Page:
While the SPS Agreement allows governments to maintain adequate sanitary and phytosanitary protection, it reduces the possible arbitrariness of decisions and promotes consistent decision-making. It requires that sanitary and phytosanitary measures be applied for purposes other than to ensure food safety and animal and plant health. In particular, the agreement shall specify which factors are to be taken into account when assessing the associated risk. Measures to ensure food safety and to protect animal and plant health should be based, as far as possible, on the analysis and evaluation of objective and accurate scientific data. 3. This Convention shall not affect the rights of Members under other international agreements, including the right to use the good offices or dispute settlement mechanisms of other international organizations established under an international agreement. The Agreement on the Application of Sanitary and Phytosanitary Measures, also known as the SPS Agreement or spS only, is an international treaty of the World Trade Organization (WTO). It was negotiated during the Uruguay Round of the General Agreement on Tariffs and Trade (GATT) and entered into force with the establishment of the WTO in early 1995.  Overall, sanitary and phytosanitary measures covered by the Agreement are measures to protect human, animal or plant life or health from certain risks.  The objective of this agreement is to ensure that regulations, standards, tests and certification procedures do not create unnecessary barriers to trade. Specific sanitary and phytosanitary requirements are most often applied on a bilateral basis between trading countries. Developing countries benefit from the SPS Agreement because it provides an international framework for sanitary and phytosanitary arrangements between countries, regardless of their political and economic strength or technological capacity.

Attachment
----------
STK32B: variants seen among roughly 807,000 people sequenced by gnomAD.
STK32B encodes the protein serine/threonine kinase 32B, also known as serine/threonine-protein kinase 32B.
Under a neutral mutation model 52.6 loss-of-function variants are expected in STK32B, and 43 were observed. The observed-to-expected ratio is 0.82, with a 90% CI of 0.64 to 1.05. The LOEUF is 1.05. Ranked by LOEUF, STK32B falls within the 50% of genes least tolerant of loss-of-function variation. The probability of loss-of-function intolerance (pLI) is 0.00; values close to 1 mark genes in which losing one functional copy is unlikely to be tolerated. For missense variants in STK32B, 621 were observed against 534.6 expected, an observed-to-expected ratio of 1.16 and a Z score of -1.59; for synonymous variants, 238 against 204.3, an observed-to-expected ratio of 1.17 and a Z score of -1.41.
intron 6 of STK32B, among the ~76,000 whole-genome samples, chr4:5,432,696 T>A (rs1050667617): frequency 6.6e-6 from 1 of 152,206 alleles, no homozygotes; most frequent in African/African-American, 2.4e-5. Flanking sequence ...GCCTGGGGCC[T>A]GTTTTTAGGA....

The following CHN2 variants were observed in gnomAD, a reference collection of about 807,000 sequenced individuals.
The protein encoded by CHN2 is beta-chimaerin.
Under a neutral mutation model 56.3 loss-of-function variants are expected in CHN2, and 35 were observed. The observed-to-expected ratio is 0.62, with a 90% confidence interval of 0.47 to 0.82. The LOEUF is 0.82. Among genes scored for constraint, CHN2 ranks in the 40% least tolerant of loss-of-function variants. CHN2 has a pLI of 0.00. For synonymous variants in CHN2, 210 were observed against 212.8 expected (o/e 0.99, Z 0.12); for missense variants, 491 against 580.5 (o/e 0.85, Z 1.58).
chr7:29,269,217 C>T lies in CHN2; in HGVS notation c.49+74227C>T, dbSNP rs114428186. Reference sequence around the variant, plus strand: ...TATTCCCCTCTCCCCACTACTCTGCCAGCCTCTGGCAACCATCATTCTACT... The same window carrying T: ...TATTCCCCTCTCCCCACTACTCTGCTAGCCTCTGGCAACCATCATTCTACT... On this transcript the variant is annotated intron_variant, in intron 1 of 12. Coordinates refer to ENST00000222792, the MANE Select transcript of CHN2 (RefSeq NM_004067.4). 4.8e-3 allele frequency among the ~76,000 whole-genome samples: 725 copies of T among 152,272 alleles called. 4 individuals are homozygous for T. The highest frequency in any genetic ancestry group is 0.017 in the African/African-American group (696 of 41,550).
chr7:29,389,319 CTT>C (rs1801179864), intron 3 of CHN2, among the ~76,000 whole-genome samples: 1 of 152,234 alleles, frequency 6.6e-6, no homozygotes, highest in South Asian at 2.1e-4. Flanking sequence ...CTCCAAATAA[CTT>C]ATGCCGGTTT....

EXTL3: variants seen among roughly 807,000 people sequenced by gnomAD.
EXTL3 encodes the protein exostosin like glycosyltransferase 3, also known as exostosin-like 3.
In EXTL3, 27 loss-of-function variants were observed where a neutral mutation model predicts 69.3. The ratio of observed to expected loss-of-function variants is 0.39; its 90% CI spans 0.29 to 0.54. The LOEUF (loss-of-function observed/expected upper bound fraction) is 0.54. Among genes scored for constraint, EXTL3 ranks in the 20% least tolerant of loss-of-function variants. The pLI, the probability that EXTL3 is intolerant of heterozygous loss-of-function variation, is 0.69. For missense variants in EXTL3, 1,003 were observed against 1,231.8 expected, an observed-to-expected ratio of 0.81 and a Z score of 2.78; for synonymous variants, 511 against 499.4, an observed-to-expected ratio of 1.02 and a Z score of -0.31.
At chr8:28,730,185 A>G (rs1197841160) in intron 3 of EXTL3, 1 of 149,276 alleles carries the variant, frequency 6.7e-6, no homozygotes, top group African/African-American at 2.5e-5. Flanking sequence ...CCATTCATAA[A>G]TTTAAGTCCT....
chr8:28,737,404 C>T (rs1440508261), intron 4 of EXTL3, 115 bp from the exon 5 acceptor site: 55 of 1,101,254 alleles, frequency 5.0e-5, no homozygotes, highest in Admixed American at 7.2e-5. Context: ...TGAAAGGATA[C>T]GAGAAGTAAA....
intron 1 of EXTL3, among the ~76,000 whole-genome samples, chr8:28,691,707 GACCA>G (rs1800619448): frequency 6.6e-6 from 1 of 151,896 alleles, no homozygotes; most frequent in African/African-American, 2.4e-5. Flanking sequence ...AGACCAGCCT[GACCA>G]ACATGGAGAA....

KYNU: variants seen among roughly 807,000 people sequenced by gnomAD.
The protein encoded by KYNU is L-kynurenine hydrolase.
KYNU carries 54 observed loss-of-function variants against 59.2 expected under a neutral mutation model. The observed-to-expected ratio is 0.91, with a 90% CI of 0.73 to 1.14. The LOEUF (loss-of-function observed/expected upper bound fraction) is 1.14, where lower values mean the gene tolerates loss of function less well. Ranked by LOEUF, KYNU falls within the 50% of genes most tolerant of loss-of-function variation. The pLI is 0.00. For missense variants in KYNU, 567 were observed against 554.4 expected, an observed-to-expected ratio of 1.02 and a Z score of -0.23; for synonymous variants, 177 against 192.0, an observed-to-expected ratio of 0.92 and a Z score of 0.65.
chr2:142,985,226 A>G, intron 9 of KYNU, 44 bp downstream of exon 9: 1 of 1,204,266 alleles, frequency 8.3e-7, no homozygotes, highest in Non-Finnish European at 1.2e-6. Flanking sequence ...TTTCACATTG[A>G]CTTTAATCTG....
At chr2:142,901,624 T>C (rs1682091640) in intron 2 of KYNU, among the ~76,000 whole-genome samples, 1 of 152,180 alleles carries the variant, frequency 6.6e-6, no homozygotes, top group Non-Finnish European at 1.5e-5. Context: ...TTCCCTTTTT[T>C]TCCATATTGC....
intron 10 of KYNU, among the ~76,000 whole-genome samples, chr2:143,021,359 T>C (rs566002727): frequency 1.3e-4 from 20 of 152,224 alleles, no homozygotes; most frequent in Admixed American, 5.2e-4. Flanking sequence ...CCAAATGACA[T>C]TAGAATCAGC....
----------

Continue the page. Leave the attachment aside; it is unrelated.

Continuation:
By the ofsy, developing countries could be at a disadvantage if they challenge unjustified trade restrictions. In addition, under the SPS agreement, governments must accept imported products that meet their safety requirements, whether these products are the result of simpler and less sophisticated methods or advanced technologies. Enhanced technical assistance to support developing countries in the area of food safety and animal and plant health, whether bilaterally or through international organizations, is also part of the SPS Agreement. Free Trade Agreement – Ministry of Foreign Affairs and Trade In the context of the Tokyo Round of multilateral trade negotiations (1974-79), an agreement on technical barriers to trade was negotiated (the 1979 TBT Agreement or “Code of Standards”) (see note 2). .